Developing jujube (Ziziphus jujube Mill) or Chinese date as an alternative fruit tree crop to improve sustainability of small farmers in Mississippi

2014 Annual Report for OS13-069

Project Type: On-Farm Research
Funds awarded in 2013: $15,000.00
Projected End Date: 12/31/2016
Region: Southern
State: Virginia
Principal Investigator:
Dr. Ramon Arancibia
University of Missouri Extension

Developing jujube (Ziziphus jujube Mill) or Chinese date as an alternative fruit tree crop to improve sustainability of small farmers in Mississippi


Growth, production and pests incidence were evaluate in the first year establishment of four jujube cultivars in Mississippi and Virginia. Trees were pruned by cutting the top at 6 ft or left them to grow wild. Data on growth, fruit set and production was collected. Only two cultivars produced small amounts of fruit. Few stinkbugs were found on trees. Foliar diseases were also detected and identified. Second year establishment and production is expected to generate more valuable information to determine the feasibility of jujube production in Mississippi and consumer acceptance.

Objectives/Performance Targets

The objectives addressed in 2014 were:

  1. To evaluate performance during establishment of jujube under sustainable production system in Northeast Mississippi.
  2. To document and evaluate the incidence of potential pests and diseases affecting jujube.
  3. To determine postharvest shelf life and consumer acceptance at the local market.


To accomplish objective 1), four jujube cultivars, ‘Sherwood’, ‘Sugarcane’, ‘GA866’, and ‘So’, were planted at Cherry Creek Orchard in Pontotoc Co., MS in the spring of 2014. Trees were trellised because of the tall slender shape (Figure 1). Two formation styles are being tested: A) topped at 8ft to maintain reachable harvest height and none-pruned control to compare and determine the natural growth habit of the cultivars. Trees were drip irrigated and weeds were controlled by cultivation and mowing. Data on growth, flowering habit, fruit set, and yield were collected during the season. Cultivars ‘Sherwood’, ‘Sugarcane’, and ‘GA866’ have similar growth habit and height, but ‘So’ is a small tree. All cultivars bloomed in the first year, but only ‘Sugarcane’ and ‘So’ produced small amounts of fruit (Figure 2).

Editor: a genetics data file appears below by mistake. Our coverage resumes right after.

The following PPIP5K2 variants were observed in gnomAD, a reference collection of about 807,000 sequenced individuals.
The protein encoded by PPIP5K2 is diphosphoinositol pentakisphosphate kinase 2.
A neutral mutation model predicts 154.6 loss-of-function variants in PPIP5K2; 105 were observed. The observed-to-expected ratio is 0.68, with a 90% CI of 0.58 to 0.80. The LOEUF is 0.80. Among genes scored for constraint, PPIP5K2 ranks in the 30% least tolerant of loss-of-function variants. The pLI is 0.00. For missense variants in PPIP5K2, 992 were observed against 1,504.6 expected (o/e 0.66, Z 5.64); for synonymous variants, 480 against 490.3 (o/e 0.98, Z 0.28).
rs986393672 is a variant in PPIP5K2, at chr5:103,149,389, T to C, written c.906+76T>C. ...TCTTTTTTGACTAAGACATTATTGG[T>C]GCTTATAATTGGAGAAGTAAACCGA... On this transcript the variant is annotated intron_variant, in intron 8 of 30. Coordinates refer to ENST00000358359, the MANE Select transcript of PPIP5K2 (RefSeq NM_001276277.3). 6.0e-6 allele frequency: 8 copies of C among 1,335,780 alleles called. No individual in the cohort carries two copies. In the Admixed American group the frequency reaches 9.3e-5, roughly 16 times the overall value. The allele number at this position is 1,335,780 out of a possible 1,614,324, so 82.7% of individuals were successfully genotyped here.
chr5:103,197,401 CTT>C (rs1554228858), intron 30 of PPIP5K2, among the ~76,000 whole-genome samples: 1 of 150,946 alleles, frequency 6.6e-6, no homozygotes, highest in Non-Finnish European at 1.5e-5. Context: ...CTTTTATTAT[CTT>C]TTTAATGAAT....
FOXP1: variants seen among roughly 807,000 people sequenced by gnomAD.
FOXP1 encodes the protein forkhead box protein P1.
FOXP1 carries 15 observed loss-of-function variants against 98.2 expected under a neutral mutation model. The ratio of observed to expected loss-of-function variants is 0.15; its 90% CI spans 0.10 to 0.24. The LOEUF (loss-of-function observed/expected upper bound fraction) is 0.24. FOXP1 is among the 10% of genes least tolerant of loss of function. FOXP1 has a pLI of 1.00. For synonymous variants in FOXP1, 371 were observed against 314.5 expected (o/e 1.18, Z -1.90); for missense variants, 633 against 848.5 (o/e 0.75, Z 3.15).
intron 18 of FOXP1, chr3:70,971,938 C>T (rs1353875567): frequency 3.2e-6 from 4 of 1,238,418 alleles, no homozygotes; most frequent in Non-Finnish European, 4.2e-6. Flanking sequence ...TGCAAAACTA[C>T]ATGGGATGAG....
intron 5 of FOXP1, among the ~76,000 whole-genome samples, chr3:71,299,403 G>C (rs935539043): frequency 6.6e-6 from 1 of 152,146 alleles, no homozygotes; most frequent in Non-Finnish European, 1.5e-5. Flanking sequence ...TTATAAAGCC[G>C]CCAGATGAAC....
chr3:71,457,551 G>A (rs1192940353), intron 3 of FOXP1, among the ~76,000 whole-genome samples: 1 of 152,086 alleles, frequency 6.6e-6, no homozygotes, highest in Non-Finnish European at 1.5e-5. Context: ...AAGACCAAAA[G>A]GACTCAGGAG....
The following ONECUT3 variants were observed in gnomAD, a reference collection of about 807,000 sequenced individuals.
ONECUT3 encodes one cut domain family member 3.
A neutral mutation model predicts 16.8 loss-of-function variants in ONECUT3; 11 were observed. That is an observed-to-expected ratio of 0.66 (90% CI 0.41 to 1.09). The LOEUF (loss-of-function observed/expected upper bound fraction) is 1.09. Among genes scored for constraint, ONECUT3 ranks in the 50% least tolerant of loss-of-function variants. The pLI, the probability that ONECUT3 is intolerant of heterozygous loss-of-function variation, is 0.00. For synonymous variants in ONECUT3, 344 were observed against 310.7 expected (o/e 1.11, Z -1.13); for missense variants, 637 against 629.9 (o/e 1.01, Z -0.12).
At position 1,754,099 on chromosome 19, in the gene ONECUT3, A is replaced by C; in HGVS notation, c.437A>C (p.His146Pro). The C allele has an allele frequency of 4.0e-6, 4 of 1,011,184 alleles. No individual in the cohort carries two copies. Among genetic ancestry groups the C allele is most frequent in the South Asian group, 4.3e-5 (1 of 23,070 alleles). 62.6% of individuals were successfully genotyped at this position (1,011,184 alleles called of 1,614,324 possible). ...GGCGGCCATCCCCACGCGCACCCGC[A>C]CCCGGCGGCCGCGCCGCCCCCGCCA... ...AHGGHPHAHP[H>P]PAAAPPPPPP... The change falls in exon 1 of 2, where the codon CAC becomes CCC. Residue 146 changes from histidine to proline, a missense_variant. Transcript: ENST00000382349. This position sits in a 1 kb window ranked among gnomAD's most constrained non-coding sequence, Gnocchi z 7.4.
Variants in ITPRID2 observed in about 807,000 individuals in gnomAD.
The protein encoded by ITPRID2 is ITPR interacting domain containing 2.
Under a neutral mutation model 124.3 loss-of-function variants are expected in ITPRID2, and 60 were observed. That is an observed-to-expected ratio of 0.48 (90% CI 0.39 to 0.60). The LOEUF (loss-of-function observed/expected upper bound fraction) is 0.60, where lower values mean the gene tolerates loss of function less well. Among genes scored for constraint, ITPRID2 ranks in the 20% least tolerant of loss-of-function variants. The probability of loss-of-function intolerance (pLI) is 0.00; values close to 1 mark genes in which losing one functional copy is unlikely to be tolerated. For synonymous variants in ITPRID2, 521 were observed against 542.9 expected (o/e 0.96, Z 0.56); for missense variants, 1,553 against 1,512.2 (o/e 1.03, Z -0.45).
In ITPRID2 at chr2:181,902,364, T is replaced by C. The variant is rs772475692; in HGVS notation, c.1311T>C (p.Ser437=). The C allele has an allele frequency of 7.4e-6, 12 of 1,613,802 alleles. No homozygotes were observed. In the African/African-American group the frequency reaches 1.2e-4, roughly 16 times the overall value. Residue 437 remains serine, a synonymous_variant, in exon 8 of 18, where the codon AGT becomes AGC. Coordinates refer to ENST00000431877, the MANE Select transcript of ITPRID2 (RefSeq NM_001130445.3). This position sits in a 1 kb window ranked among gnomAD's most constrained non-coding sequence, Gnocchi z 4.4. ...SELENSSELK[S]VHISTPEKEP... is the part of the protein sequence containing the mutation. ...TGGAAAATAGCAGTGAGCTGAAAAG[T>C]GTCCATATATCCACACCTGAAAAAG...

To accomplish objective 2), trees were monitored for insect and diseases. Few stinkbugs, but no significant damage by insects was observed. In the fall, minimal damage by leaf spots was observed. Cercospora sp., Phoma sp, and Colletotrichum sp. were identified. Fruit showed some dark spots, but no fungi were isolated from them.

To accomplish objective 3), a small tasting trial was conducted with participants. The majority ranked the fruit as 3 in a 1 to 5 scale with 1 as poor and 5 as excellent. Main comment was relatively low sweetness. Jujube is consumed mainly in the dried form, so dry fruit will be included in the taste trial next year.

Impacts and Contributions/Outcomes

Jujube has the potential to increase diversity and sustainability of small farmers in the Southeast. Since jujube appears to have little or no significant pests and diseases in the US, it may require little management and perhaps be included in organic production systems. This study is expected to test this perceived concept and assist small farmers in the southern region to make informed decision to whether include this fruit crop in their production system or not.


Rick Ferguson
county Extension Director
Mississippi State University
402 C.J. Hardin Jr. Drive
Pontotoc, MS 38863
Office Phone: 6624893910
Dr. Steve Martin
NMREC Director
Mississippi State University
5421 Hwy 145 S
Verona, MS 38879
Office Phone: 6625662201
Wylie Stark
Cherry Creek Orchard
4660 Hwy 345
Pontotoc, MS 38863
Office Phone: 6624897783